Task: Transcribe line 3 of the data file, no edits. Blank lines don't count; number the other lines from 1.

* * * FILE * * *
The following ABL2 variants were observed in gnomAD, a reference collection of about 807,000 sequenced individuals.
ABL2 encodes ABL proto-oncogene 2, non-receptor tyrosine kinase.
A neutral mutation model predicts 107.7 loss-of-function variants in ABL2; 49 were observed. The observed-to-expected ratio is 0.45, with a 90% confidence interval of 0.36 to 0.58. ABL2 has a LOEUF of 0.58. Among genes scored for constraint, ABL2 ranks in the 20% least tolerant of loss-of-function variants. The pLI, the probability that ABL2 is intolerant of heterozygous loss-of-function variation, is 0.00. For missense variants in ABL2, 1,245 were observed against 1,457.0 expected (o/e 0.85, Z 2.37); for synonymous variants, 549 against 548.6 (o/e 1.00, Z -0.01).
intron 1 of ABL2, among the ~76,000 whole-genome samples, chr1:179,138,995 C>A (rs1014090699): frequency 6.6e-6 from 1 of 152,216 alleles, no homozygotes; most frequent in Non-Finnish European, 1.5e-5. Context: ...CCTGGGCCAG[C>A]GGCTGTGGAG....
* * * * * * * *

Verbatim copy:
A neutral mutation model predicts 107.7 loss-of-function variants in ABL2; 49 were observed. The observed-to-expected ratio is 0.45, with a 90% confidence interval of 0.36 to 0.58. ABL2 has a LOEUF of 0.58. Among genes scored for constraint, ABL2 ranks in the 20% least tolerant of loss-of-function variants. The pLI, the probability that ABL2 is intolerant of heterozygous loss-of-function variation, is 0.00. For missense variants in ABL2, 1,245 were observed against 1,457.0 expected (o/e 0.85, Z 2.37); for synonymous variants, 549 against 548.6 (o/e 1.00, Z -0.01).